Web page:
Augusta 70.3-Pre race recap


Never in my life have I over analyzed or stressed about a day the way I did about my first 70.3.  From the day I signed up in early spring, in addition to the usual training, I read, re-read, highlighted and studied the athlete guide, pelted veterans with questions, took copious notes, followed blogs, joined Facebook groups, and printed articles from USAT emails, trying to anticipate anything that could possibly come up.  I drove my family crazy with my nonstop chatter and worrying. By the Thursday before Sunday race day, the following race day necessity checklist on my phone was twice its normal size: 
·         Flashlight 
·         Wet suit
·         Cooler (for race day breakfast)
·         Water
·         Pain reliever
·         Spare tube/kit
·         Ride glide
·         Sunglasses
·         Race belt
·         Running shoes
·         Goggle defogger (baby shampoo)
·         Visor
·         Flair (as in something to spot your bike in transition)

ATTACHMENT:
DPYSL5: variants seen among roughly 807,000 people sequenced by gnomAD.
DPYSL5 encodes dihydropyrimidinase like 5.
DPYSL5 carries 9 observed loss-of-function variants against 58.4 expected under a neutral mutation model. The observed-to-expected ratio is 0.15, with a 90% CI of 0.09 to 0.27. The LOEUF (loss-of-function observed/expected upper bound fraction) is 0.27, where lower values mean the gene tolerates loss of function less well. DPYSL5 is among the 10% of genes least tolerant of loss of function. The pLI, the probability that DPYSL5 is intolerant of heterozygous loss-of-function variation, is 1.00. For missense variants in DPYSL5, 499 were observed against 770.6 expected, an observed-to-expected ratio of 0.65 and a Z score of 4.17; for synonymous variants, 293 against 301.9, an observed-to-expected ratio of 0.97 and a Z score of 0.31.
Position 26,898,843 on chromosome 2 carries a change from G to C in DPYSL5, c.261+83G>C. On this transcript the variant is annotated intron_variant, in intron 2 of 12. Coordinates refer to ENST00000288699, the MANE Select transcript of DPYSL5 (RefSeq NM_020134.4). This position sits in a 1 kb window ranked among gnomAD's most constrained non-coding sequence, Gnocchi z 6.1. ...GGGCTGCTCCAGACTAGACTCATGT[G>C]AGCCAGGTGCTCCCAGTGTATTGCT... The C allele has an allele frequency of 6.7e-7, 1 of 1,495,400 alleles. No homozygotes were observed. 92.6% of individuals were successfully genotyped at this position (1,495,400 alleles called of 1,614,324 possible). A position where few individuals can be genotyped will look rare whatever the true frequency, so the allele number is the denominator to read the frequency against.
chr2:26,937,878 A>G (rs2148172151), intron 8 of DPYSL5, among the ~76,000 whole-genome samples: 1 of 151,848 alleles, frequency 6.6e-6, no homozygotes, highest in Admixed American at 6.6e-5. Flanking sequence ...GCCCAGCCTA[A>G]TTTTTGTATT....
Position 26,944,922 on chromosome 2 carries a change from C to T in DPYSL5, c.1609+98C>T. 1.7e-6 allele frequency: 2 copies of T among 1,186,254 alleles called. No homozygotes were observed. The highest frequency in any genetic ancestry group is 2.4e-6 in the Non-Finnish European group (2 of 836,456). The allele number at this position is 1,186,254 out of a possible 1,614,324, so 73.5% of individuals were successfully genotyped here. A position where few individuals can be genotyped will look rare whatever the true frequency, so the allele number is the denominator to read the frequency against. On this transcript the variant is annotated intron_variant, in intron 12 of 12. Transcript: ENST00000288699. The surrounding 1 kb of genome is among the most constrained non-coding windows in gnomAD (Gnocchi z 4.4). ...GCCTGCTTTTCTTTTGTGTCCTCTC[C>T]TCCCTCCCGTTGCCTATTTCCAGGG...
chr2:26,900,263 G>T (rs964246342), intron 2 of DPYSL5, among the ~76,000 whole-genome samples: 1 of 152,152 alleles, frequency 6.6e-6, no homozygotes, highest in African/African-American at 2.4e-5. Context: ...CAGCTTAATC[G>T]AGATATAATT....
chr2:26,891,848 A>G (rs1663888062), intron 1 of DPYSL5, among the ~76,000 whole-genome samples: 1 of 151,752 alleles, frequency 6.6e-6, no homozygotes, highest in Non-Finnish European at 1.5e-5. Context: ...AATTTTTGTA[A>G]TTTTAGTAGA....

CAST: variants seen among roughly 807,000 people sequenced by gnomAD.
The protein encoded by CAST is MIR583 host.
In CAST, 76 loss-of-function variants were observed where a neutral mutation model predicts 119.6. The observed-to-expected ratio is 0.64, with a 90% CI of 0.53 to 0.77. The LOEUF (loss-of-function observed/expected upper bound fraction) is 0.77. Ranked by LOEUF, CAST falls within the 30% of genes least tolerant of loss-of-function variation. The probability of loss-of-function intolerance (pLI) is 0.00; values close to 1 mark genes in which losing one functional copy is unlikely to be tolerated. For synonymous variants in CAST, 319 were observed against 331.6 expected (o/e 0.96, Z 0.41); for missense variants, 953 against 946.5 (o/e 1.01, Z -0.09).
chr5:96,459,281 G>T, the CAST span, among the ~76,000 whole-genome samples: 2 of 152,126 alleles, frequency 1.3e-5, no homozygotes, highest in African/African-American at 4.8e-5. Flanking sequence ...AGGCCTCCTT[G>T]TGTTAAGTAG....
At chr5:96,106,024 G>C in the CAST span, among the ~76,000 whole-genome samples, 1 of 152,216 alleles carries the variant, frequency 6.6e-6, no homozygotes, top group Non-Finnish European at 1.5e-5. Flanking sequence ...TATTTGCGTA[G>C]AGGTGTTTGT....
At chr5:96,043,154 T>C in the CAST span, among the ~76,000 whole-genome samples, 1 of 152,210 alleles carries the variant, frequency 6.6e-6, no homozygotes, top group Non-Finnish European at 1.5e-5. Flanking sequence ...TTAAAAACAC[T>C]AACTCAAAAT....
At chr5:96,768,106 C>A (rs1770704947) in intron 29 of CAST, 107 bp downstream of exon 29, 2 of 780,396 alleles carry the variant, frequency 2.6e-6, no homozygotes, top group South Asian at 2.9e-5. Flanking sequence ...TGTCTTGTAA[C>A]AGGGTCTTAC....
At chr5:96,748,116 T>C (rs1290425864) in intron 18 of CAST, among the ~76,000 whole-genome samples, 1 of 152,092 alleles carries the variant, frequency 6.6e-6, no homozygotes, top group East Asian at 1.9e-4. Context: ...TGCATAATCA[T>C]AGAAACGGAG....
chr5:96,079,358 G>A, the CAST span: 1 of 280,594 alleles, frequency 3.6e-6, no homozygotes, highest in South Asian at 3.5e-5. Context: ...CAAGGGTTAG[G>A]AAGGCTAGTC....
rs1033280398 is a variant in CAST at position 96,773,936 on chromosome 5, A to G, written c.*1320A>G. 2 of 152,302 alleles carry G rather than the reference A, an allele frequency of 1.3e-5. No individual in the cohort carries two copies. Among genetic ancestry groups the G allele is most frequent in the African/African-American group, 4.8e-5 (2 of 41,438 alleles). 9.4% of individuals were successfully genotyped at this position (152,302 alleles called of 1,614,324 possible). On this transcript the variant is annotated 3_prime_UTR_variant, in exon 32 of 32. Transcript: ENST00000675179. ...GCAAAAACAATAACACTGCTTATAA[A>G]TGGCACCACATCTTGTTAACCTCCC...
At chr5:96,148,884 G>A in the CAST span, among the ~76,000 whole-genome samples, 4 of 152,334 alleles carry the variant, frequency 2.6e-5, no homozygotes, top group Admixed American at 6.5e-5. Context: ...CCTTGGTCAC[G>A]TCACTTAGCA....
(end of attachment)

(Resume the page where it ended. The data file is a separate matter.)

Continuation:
·         Goggles
·         Extra goggles
·         Honey stinger waffles (3)
·         Rubber bands
·         Chap stick
·         Bike tools
·         Infinit bike and run mixes
·         Ziplocs
·         Bandaids
·         Garmin/charger
·         Inhaler
·         Body glide
·         Trash bags
·         Tri suit
·         Bike shoes
·         Towel
·         Socks
·         Extra socks
·         Chain lube
·         Sunscreen
·         Swim cap
·         Tire pump
·         Helmet
·         Flip flops
·         Aero bottle
·         Water bottle (2)
·         Deodorant

I think this list shows how nervous I was that some disaster would happen to completely negate the 6+ months and some thousand odd miles of training…. I have never ever carried some of these things, like bandaids, extra socks, or a spare tube kit, with me before.  Needless to say, my small transition bag was now rendered useless.  I could barely fit everything in a large duffle which I struggled to carry at half my weight. The only thing not on the list was my bike, which I actually almost forgot in my early Saturday morning, pre-coffee fog.